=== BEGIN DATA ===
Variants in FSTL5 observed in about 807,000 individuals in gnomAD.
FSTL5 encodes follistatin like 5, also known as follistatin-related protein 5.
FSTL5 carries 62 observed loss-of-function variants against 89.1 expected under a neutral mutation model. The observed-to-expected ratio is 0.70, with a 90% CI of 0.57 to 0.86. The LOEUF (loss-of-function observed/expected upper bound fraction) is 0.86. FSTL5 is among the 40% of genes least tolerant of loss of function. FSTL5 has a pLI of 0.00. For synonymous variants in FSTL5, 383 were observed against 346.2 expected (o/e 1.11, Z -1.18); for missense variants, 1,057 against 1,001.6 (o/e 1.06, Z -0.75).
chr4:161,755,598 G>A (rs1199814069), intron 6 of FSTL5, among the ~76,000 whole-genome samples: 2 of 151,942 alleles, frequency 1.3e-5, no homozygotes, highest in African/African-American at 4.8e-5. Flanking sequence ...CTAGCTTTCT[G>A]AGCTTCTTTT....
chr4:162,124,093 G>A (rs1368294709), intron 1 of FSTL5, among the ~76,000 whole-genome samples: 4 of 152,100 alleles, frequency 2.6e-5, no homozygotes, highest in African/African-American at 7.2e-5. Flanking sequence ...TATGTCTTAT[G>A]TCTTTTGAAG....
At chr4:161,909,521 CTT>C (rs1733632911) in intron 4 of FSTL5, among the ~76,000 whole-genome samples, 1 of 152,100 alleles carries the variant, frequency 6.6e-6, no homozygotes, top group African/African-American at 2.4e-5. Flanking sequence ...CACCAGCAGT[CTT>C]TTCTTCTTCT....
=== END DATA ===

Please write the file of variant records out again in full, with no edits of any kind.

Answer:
Variants in FSTL5 observed in about 807,000 individuals in gnomAD.
FSTL5 encodes follistatin like 5, also known as follistatin-related protein 5.
FSTL5 carries 62 observed loss-of-function variants against 89.1 expected under a neutral mutation model. The observed-to-expected ratio is 0.70, with a 90% CI of 0.57 to 0.86. The LOEUF (loss-of-function observed/expected upper bound fraction) is 0.86. FSTL5 is among the 40% of genes least tolerant of loss of function. FSTL5 has a pLI of 0.00. For synonymous variants in FSTL5, 383 were observed against 346.2 expected (o/e 1.11, Z -1.18); for missense variants, 1,057 against 1,001.6 (o/e 1.06, Z -0.75).
chr4:161,755,598 G>A (rs1199814069), intron 6 of FSTL5, among the ~76,000 whole-genome samples: 2 of 151,942 alleles, frequency 1.3e-5, no homozygotes, highest in African/African-American at 4.8e-5. Flanking sequence ...CTAGCTTTCT[G>A]AGCTTCTTTT....
chr4:162,124,093 G>A (rs1368294709), intron 1 of FSTL5, among the ~76,000 whole-genome samples: 4 of 152,100 alleles, frequency 2.6e-5, no homozygotes, highest in African/African-American at 7.2e-5. Flanking sequence ...TATGTCTTAT[G>A]TCTTTTGAAG....
At chr4:161,909,521 CTT>C (rs1733632911) in intron 4 of FSTL5, among the ~76,000 whole-genome samples, 1 of 152,100 alleles carries the variant, frequency 6.6e-6, no homozygotes, top group African/African-American at 2.4e-5. Flanking sequence ...CACCAGCAGT[CTT>C]TTCTTCTTCT....